New Delhi: India should use improved economic conditions to accelerate the pace of fiscal consolidation, according to the International Monetary Fund (IMF).

“A faster pace of consolidation would help cap the rise in long-term bond yields, reduce external and banking vulnerabilities, and improve market confidence," IMF said in its report, prepared after consultations with the government, on Wednesday.

To achieve accelerated fiscal consolidation, IMF suggested India cut subsidies gradually by 0.5% of GDP over four years, with a 0.3% of GDP cut in fertilizer subsidies, elimination of fuel subsidies and a modest cut to food subsidies. Further reforms and continued measures to raise tax collections will also help fiscal consolidation, it added.

Front-loading of fiscal consolidation is possible only if tax-to-GDP ratio accelerates substantially, said D.K. Srivastava, chief policy adviser at EY India. “This fiscal, the government finances will be under pressure because of the upcoming general elections. Next fiscal, the pressure will be due to higher demand for capital expenditure to meet the government’s promise of higher infra spending. In such a scenario, chances of achieving faster fiscal consolidation are rather low," he added.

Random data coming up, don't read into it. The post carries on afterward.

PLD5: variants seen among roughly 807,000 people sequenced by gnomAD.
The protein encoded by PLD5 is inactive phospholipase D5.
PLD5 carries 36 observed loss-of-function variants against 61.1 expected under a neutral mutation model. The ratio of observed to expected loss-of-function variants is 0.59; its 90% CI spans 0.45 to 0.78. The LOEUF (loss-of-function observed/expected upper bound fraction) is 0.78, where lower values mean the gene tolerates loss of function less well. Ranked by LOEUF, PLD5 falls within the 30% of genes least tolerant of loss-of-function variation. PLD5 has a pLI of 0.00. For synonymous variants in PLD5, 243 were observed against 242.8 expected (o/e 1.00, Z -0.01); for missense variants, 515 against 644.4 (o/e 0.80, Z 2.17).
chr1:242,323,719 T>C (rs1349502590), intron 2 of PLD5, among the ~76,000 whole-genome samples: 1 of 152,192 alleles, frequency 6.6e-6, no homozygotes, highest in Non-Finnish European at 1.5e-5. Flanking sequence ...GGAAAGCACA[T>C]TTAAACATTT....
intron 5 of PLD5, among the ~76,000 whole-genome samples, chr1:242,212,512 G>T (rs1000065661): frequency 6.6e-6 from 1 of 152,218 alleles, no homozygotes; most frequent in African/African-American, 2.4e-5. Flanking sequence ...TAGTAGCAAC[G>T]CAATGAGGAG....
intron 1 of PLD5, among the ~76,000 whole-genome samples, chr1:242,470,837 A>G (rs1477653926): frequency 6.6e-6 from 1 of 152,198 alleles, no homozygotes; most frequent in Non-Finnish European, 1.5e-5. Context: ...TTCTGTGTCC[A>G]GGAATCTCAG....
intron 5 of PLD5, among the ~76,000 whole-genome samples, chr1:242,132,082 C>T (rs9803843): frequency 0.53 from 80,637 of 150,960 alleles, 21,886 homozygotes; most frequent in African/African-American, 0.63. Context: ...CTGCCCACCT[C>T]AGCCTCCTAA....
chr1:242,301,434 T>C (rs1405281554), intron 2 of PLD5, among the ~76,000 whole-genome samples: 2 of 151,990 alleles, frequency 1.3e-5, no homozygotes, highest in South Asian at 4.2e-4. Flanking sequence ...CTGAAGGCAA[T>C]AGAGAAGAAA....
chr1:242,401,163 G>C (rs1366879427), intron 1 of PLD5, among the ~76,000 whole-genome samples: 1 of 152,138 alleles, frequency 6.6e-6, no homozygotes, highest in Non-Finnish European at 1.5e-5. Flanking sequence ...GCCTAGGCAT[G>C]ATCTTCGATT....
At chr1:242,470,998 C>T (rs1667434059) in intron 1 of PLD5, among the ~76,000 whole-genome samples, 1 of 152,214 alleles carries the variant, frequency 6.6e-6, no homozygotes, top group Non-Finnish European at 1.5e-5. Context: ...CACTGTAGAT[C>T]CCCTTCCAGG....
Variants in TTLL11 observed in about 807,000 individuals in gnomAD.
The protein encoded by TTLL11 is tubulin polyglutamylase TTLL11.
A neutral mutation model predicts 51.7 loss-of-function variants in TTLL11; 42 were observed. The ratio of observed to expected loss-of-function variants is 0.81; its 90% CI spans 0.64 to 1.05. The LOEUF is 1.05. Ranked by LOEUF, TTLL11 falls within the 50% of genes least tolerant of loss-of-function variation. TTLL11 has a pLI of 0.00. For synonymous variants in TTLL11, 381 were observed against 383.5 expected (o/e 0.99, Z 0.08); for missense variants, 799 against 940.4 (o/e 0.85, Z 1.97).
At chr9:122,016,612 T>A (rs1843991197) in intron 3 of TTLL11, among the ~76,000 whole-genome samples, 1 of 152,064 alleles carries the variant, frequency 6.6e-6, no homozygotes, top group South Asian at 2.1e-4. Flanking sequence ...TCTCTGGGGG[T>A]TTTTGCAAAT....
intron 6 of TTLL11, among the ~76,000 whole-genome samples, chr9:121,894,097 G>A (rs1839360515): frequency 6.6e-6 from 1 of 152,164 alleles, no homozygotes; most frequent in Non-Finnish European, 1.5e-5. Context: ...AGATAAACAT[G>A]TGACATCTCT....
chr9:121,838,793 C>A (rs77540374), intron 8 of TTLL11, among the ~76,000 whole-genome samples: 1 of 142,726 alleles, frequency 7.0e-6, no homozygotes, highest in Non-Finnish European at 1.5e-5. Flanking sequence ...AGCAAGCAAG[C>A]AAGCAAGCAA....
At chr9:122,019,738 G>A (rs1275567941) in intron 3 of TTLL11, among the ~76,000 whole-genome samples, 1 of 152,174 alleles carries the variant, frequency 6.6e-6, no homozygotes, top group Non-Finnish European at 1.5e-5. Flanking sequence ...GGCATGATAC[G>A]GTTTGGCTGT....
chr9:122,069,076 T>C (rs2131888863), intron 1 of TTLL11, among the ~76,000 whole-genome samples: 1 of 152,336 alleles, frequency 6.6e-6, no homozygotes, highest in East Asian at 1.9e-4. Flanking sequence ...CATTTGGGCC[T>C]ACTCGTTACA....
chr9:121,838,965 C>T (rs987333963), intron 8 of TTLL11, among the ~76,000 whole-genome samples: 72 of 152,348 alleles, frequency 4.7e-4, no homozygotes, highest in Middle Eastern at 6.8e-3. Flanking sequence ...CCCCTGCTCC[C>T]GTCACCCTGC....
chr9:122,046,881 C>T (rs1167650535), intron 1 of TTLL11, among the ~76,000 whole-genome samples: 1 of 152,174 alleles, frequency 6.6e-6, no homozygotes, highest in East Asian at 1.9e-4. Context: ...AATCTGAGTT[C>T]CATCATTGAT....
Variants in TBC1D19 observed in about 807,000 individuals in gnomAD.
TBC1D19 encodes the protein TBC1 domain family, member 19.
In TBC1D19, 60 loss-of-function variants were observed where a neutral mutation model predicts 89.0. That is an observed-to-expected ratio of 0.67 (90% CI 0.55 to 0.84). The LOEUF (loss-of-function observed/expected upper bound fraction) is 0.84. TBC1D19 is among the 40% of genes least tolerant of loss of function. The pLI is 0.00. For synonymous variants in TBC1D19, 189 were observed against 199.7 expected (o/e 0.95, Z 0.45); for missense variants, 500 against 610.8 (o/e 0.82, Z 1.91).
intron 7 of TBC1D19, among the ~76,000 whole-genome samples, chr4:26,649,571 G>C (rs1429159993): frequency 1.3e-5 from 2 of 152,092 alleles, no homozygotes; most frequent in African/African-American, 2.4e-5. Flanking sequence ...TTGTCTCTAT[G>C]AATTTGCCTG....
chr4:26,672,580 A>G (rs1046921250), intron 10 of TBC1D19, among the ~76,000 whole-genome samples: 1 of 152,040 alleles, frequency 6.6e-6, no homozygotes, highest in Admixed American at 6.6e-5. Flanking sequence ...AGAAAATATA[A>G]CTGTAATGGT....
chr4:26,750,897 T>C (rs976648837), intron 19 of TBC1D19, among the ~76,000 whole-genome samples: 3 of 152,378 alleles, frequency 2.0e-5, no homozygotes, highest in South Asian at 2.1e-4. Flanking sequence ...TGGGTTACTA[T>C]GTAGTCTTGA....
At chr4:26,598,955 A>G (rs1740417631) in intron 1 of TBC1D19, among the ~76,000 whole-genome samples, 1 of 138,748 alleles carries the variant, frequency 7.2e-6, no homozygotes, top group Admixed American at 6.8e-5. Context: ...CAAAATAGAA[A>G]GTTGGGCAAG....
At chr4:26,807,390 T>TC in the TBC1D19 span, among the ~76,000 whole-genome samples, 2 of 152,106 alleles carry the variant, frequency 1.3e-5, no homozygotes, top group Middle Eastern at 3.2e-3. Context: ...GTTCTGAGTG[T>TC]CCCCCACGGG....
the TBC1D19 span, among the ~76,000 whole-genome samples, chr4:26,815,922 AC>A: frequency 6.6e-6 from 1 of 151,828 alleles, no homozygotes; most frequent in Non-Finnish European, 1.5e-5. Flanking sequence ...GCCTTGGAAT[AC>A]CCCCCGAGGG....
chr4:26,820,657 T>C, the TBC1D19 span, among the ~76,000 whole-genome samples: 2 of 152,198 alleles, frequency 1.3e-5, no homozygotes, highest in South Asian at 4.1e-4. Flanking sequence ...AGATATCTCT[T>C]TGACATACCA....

IMF retained its growth projection for India at 7.3% for 2018-19 and 7.5% for the following year.

The Fund stressed the need to take advantage of the projected acceleration in economic growth to achieve a public debt level of 60% of GDP by 2022-23, as recommended by the Fiscal Responsibility and Budget Management Review Committee. The government in its 2018-19 budget had said it would achieve the target with a two-year delay in 2024-25.

However, the finance ministry seemed to have differed with IMF. “While underscoring the importance of medium-term fiscal consolidation, they (Indian authorities) felt that a gradual pace was called for because of the need to support growth and development," the report said.

Finance ministry officials were hopeful that taxing fuels such as aviation fuel and natural gas under GST would be relatively easy, but including petrol, diesel and immovable property would be more challenging, since they were key revenue earners for states. “Pruning exemptions would also be difficult," the authorities maintained.

IMF said risks for India are tilted to the downside. “On the external side, risks include increase in oil prices, tighter global financial conditions, a retreat from cross-border integration including spillover risks from a global trade conflict, and rising regional geopolitical tensions. Domestic risks pertain to tax revenue shortfalls related to GST issues and delays in addressing the twin balance sheet problems and other structural reforms," it said.

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